We’re told from an early age that to assume can make a you-know-what out of you and me. But the truth is that none of us could function in life or in business without basing our actions on myriad assumptions. Assumptions, in fact, are crucial to risk management.
The real question is whether those assumptions are well-founded. Too often, decision-makers fail to critically examine the premises behind recommended courses of action. As one retired general is reported to have said, “Amateurs study the plan; professionals study the assumptions.”
One professional—Paul Willen, senior economist and policy advisor with the Boston Federal Reserve—has studied the assumptions made in 2005 by investment banks that securitized subprime mortgages. Surprisingly, analysts did correctly predict the rate at which foreclosures would skyrocket if property values plunged, Willen said at a Federal Reserve System presentation on the subprime debacle. In that sense, investors had been alerted to the risky nature of these mortgage-backed securities. But significantly, the analysts had assumed only a 5 percent chance of a housing market meltdown.
What lay behind that assumption is noteworthy. The investment report stated: “House prices have never gone down since 1972,” said Willen, adding wryly that someone should explain to the analyst the difference between “never” and “since 1972.”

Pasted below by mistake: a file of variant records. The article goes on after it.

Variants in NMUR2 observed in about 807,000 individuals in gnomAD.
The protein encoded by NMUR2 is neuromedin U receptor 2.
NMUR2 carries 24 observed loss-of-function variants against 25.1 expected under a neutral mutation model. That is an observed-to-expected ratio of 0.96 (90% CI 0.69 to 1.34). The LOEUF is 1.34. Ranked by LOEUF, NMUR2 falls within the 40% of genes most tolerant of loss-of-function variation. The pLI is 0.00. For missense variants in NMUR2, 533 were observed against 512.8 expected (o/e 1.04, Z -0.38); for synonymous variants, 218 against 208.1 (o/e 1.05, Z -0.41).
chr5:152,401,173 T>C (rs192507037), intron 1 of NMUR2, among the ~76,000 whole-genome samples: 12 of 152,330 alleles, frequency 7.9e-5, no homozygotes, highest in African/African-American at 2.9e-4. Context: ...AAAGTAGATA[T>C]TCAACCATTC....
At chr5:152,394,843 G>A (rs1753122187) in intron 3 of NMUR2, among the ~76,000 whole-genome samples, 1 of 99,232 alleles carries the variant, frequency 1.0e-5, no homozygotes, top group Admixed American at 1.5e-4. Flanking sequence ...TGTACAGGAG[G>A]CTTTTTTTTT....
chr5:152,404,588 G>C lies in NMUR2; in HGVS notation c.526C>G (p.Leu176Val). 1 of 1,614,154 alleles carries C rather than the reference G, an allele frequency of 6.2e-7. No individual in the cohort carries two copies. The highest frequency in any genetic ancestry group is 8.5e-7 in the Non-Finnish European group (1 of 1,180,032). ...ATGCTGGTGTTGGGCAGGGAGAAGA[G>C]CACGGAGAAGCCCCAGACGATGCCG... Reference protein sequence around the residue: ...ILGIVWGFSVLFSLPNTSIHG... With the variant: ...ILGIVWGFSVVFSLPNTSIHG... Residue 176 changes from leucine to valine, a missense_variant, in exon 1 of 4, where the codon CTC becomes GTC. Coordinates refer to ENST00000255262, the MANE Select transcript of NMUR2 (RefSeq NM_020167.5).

The meltdown scenario clearly revealed the highly risky quality of the securities, but the perceived remote likelihood of that eventuality made investors disregard the risk. We seem almost genetically incapable of processing how to handle this type of high-consequence, low-probability exposure, so we ignore it.
Overcoming our innate tendency to disregard remote risks is the principal challenge for homeland security. Department of Homeland Security Secretary Michael Chertoff addressed this point last year in a speech on the threat of a biological attack.
Chertoff noted that the medical community has vigorously opposed his plan to widely distribute medical kits with CIPRO. His objective is to ensure that, in the event of an anthrax attack, those exposed won’t need to go to a medical facility to obtain the antibiotic treatment.
“Many people in the public health community fight tooth and nail against this initiative because they believe we shouldn’t be focused on a remote possibility with a high consequence,” said Chertoff. The healthcare community worries about the more common risk of antibiotics being overused, not about the risk of a biological attack. But, said Chertoff, their argument “will be very unpersuasive the day there’s a massive anthrax attack.”
The mistake people make is to equate low risk with no risk. But that’s an assumption based only on wishful thinking. Instead, we should treat all risk seriously and ensure against it. After the fact, as we are seeing in the financial crisis, it’s exponentially harder to change course and contain the consequences.